April 22, 1999
A weekly feature provided by scientists at the Hawaiian Volcano Observatory.
M5.6 Pahala Earthquake
After an earthquake felt by residents of Hawai`i County, we at the U S Geological Survey's Hawaiian Volcano Observatory are often asked what the earthquake means or indicates in terms of the volcano's behavior. It is beyond our ability to know the detailed implications of a single earthquake event for the complex and inter-related volcanic and tectonic processes that shape our island. In response to public inquiries about specific earthquakes, then, sometimes our best response is, "It's a gentle reminder that we live in a geologically active region and that we can expect, on occasion, larger and potentially damaging earthquakes in the future."
Unfortunately, our reminders are not always so gentle - like the M5.6 that occurred beneath Pahala at 2:56 p. m. on Friday, April 16. As described in newspaper and television reports, this earthquake destroyed homes and interrupted the delivery of power to the affected region. Elsewhere, there were reports of small landslides or rockfalls near steep cliffs.
Seismologically speaking, a M5.6 earthquake is not a large earthquake. It's not even large for Pahala, which lies where the Ka`oiki and Hilea fault zones on Mauna Loa's southeast flank come together. In 1868, the strongest earthquake historically recorded in Hawaii, estimated to be M7.9, is thought to have originated near April 16's M5.6 epicenter. While the M5.6 caused damage restricted to the earthquake's epicentral region, larger earthquakes like the November 16, 1983, M6.6 Kaoiki earthquake, the November 29, 1975, M7.2 Kalapana earthquake, as well as the 1868 earthquake can cause widespread damage, possibly affecting all of Hawai`i County.
Sometimes, our telephone conversations with the general public end with, "You'll let us know when the Big One is coming, won't you?" It would be terrific if we could. However, it has proven to be difficult, if not impossible, to correctly and consistently predict the times, locations, and magnitudes of earthquakes.
With the knowledge that we've had damaging - and devastating - earthquakes in the past, and our gentle and not-so-gentle reminders that the volcanoes and island continue to be very active geologically, we can reasonably expect that more Big Ones will come. So, what can we do to try to protect ourselves and our communities against future earthquakes?
If we choose to live with the hazards posed by damaging earthquakes, we ought to be prepared to experience them and be prepared to respond, if necessary, after they occur. There are numerous steps that we can take to mitigate against the hazards that we are exposed to and to minimize the hardships and costs of putting our homes and communities back together after a disaster. A great deal of information regarding personal earthquake safety is available from the Hawai`i County Civil Defense Agency, the Center for the Study of Active Volcanoes at UH-Hilo, and public libraries, as well as the USGS.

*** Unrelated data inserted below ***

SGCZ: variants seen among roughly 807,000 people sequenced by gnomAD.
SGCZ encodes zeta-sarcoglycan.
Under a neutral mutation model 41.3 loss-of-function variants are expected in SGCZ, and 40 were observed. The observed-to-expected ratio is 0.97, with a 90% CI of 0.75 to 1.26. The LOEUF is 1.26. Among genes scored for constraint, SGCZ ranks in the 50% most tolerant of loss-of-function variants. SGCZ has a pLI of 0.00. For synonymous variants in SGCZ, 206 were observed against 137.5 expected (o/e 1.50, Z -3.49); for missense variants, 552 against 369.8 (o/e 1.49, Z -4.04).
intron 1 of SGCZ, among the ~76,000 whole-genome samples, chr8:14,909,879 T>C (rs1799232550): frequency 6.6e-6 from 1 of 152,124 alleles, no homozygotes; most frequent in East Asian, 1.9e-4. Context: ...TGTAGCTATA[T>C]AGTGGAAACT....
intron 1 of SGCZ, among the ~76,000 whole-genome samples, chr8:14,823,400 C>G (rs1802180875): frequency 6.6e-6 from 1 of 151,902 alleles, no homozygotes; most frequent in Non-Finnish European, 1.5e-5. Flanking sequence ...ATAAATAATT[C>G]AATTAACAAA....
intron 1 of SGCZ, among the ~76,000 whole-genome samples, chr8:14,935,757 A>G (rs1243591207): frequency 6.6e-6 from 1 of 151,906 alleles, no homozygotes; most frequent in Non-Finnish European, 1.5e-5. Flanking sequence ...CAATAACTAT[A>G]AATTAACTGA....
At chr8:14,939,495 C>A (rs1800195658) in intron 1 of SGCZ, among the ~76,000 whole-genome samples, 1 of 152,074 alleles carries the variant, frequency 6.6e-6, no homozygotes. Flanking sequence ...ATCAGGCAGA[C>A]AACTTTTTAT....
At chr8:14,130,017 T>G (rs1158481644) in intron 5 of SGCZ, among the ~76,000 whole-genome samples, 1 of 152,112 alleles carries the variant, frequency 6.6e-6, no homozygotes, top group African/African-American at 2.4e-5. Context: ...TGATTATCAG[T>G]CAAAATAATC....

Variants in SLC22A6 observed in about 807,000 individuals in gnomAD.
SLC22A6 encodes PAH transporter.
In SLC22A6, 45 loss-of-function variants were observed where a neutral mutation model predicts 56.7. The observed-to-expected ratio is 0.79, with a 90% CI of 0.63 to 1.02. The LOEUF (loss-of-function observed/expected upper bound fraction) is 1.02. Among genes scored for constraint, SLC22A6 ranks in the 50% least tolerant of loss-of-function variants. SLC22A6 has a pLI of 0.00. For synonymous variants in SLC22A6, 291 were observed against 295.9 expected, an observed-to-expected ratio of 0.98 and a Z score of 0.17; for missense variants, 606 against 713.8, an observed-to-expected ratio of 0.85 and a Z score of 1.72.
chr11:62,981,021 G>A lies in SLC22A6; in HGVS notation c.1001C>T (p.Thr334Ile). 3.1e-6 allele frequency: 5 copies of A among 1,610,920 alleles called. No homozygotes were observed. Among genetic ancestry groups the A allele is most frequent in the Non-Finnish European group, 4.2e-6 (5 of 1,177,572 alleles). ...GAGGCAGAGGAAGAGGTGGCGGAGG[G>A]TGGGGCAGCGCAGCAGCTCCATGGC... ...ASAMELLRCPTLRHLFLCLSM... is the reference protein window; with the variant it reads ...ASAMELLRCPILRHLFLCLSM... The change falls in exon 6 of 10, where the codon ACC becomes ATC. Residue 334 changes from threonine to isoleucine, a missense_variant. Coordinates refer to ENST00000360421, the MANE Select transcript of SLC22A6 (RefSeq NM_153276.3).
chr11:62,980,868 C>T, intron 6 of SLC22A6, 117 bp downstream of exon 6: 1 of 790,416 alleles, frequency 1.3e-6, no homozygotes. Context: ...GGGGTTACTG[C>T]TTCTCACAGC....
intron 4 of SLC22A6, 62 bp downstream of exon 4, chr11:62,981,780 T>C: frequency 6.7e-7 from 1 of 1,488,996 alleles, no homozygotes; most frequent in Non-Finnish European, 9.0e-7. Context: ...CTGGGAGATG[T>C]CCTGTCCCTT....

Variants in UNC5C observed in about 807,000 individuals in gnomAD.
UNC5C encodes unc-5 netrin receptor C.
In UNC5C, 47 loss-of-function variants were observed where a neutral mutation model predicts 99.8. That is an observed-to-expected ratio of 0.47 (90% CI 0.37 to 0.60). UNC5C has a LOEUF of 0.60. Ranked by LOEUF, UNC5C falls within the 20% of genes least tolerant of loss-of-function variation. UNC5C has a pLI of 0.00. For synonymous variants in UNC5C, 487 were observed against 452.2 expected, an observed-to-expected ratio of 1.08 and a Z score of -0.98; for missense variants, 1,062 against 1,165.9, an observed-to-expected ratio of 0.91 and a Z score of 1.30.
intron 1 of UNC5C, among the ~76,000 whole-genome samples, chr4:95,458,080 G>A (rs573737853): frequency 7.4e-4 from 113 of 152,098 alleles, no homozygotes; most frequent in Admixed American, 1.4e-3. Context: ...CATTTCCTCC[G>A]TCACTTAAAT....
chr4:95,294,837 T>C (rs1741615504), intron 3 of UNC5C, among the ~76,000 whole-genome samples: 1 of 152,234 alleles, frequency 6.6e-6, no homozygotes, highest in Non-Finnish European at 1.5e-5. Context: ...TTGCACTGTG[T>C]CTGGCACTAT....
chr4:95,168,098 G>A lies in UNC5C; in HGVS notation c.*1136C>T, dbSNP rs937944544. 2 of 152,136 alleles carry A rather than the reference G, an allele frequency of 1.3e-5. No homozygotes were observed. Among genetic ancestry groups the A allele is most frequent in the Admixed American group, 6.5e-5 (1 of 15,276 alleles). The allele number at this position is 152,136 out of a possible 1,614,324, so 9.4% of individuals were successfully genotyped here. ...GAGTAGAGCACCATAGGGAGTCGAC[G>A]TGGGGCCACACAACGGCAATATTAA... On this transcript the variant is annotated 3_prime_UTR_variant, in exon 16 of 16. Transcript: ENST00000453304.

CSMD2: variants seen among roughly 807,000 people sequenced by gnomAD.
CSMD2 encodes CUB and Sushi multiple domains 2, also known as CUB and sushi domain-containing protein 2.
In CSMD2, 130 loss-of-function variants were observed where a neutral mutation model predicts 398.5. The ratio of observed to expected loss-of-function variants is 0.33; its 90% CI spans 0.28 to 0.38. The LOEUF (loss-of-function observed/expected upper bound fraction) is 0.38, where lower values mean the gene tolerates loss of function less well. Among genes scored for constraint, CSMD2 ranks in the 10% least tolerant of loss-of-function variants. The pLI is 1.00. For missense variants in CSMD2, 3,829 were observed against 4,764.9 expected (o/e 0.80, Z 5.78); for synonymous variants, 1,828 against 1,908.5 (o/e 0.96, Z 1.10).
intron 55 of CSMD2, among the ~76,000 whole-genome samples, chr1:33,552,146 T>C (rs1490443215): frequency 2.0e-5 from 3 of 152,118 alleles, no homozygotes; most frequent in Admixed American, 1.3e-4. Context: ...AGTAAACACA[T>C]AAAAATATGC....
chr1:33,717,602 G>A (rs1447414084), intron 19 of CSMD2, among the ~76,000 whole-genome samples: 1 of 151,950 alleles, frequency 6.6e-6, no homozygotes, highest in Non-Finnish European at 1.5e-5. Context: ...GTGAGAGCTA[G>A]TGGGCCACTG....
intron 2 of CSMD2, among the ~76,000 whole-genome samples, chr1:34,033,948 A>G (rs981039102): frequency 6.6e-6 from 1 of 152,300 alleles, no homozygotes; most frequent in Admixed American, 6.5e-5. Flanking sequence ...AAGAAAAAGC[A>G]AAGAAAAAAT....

Other important tools in earthquake hazards and risk management and post-disaster recovery relate to appropriate zoning, planning, and design. Currently, the building code for Hawai`i County is based on the 1991 Uniform Building Code (UBC). In the 1997 edition of the UBC, the International Conference of Building Officials has upgraded its seismic zonation of Hawai`i County from Seismic Zone 3, as in the 1991 UBC, to Seismic Zone 4. This determination was based in part on recent USGS studies of earthquake occurrence and how seismic energy propagates through the island, and it signifies that Hawai`i lies in a region exposed to the highest seismic hazards considered in the UBC.
We expect that, later this spring, the Hawai`i County Council will be looking into adopting parts of the 1997 UBC. These will relate to the 1997 UBC seismic provisions for earthquake-resistant design with Hawai`i County included in Seismic Zone 4. As we examine the effects of April 16's earthquake and recall our experiences from other damaging earthquakes, it is essential that we use what we know to develop effective mitigation programs designed to prevent or minimize the casualties and losses that might result from future earthquakes that we know will occur.
Lava continues to erupt from Pu`u `O`o and flow through a network of tubes from the vent to the sea near Kamokuna, in Hawai`i Volcanoes National Park. A lava flow that oozed from a tube on the coastal plain has remained active; although sluggish, it has advanced to about 500 m of the coastline. Lava flows are also commonly visible at the bench, where lava enters the sea. Explosive activity there has been less frequent than in previous weeks. The public is reminded that the ocean-entry area is extremely hazardous, with explosions accompanying unpredictable collapses of new land. The steam clouds are highly acidic and laced with glass particles.
There were numerous earthquake reports for the week ending on April 22. The April 16 magnitude-5.6 earthquake, which occurred at 2:56 p.m. 7 km (4 mi) north of Pahala, was felt islandwide. Consequently, there were many felt aftershocks of magnitude less than, or equal to, 3.5. On April 17 at 10:11 p.m., a magnitude-3.7 earthquake occurred near Pu`ulena Crater at a depth of 1.5 km (.9 mi) and was felt in lower Puna. On April 18 at 1:06 a.m., a magnitude-4.0 earthquake, which occurred beneath Hana at a depth of 16.7 km (10 mi), was felt in Olinda, Haiku, Kihei, and Hana, Maui. On April 19, a magnitude-3.1 earthquake 7 km northwest of Pahala, located at a depth of 10 km (6.2 mi), was felt in Pahala and Hilo.
The URL of this page is http://hvo.wr.usgs.gov/volcanowatch/archive/1999/99_04_22.html
Updated: 7 May 1999